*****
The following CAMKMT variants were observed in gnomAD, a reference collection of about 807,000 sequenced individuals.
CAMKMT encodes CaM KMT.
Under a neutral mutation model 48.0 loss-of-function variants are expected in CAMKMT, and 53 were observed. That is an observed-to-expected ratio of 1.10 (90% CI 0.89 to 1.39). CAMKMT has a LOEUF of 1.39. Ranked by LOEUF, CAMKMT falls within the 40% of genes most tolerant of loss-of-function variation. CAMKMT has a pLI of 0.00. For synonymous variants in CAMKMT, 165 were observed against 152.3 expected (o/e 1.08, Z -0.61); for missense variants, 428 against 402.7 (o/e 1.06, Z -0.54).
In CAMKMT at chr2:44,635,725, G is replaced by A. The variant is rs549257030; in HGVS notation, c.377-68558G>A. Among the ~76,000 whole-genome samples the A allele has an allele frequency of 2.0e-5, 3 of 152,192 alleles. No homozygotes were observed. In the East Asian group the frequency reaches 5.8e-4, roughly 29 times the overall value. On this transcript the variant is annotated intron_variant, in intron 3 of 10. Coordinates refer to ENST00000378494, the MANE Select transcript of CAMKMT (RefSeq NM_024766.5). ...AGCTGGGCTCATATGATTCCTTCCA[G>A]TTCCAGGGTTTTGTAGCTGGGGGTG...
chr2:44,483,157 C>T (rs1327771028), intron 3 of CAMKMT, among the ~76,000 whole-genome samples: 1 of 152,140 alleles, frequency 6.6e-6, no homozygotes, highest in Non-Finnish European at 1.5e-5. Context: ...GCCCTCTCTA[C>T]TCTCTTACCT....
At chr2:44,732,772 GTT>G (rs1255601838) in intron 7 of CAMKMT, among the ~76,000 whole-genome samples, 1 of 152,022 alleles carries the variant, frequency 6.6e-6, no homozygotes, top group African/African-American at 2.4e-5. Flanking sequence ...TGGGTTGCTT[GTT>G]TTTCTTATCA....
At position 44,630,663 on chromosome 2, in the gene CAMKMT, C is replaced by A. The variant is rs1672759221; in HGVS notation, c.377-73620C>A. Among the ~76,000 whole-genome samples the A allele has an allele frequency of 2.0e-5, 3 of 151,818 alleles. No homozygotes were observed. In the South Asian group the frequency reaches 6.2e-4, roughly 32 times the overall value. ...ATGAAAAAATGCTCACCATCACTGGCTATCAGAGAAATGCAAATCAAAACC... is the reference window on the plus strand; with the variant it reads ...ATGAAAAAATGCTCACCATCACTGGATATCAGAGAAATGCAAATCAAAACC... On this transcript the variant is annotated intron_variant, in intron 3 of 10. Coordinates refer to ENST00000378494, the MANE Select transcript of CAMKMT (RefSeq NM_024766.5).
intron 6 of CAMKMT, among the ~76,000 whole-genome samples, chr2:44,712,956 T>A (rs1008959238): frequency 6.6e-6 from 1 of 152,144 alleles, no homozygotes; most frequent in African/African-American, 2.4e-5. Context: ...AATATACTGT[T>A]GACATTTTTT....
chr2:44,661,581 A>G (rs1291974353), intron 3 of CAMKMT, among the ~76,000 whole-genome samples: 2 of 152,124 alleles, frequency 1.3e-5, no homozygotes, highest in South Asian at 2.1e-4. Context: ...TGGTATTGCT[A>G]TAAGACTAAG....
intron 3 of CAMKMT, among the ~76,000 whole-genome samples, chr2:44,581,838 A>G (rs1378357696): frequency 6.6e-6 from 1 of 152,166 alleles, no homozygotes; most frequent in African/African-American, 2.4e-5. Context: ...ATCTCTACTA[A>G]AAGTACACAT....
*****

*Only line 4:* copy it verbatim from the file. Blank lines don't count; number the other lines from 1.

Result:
In CAMKMT at chr2:44,635,725, G is replaced by A. The variant is rs549257030; in HGVS notation, c.377-68558G>A. Among the ~76,000 whole-genome samples the A allele has an allele frequency of 2.0e-5, 3 of 152,192 alleles. No homozygotes were observed. In the East Asian group the frequency reaches 5.8e-4, roughly 29 times the overall value. On this transcript the variant is annotated intron_variant, in intron 3 of 10. Coordinates refer to ENST00000378494, the MANE Select transcript of CAMKMT (RefSeq NM_024766.5). ...AGCTGGGCTCATATGATTCCTTCCA[G>A]TTCCAGGGTTTTGTAGCTGGGGGTG...